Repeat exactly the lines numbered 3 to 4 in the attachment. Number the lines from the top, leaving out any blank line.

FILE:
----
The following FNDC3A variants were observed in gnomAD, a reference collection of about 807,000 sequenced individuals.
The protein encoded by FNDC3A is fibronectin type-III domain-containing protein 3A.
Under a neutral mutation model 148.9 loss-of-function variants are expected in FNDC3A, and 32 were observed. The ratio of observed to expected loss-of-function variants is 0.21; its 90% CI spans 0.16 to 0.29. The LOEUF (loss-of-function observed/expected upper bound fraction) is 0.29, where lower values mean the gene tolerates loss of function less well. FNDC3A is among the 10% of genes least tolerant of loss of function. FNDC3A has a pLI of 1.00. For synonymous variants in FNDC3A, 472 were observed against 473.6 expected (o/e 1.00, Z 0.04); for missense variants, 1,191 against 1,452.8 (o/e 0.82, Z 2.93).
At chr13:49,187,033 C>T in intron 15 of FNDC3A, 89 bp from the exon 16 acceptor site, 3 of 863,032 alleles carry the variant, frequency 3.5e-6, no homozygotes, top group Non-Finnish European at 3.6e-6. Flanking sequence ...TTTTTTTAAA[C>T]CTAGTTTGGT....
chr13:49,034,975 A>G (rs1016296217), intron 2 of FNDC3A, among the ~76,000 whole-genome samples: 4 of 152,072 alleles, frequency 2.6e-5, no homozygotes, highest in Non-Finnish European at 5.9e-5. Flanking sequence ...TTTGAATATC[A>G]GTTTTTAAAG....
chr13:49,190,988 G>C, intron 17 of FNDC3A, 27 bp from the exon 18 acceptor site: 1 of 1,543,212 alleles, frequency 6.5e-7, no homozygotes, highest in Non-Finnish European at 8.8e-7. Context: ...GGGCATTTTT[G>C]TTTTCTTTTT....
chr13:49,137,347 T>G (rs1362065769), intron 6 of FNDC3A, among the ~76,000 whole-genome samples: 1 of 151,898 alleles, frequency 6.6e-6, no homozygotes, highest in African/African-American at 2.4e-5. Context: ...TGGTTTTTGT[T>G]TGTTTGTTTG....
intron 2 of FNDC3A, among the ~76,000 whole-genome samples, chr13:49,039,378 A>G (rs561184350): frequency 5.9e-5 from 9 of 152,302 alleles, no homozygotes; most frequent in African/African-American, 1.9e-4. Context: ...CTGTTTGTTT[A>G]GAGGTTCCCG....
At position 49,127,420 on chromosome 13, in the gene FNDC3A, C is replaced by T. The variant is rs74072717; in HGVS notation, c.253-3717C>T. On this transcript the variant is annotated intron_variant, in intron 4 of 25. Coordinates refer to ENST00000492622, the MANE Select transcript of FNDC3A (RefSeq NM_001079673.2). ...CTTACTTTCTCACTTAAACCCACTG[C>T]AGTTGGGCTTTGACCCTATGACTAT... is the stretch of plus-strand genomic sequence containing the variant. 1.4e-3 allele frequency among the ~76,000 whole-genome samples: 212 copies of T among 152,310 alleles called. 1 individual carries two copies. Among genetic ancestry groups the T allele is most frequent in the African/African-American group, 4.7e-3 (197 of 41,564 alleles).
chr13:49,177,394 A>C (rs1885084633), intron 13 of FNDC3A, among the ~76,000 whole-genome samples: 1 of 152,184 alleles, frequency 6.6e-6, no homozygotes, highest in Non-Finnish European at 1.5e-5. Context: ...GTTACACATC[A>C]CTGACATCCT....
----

Under a neutral mutation model 148.9 loss-of-function variants are expected in FNDC3A, and 32 were observed. The ratio of observed to expected loss-of-function variants is 0.21; its 90% CI spans 0.16 to 0.29. The LOEUF (loss-of-function observed/expected upper bound fraction) is 0.29, where lower values mean the gene tolerates loss of function less well. FNDC3A is among the 10% of genes least tolerant of loss of function. FNDC3A has a pLI of 1.00. For synonymous variants in FNDC3A, 472 were observed against 473.6 expected (o/e 1.00, Z 0.04); for missense variants, 1,191 against 1,452.8 (o/e 0.82, Z 2.93).
At chr13:49,187,033 C>T in intron 15 of FNDC3A, 89 bp from the exon 16 acceptor site, 3 of 863,032 alleles carry the variant, frequency 3.5e-6, no homozygotes, top group Non-Finnish European at 3.6e-6. Flanking sequence ...TTTTTTTAAA[C>T]CTAGTTTGGT....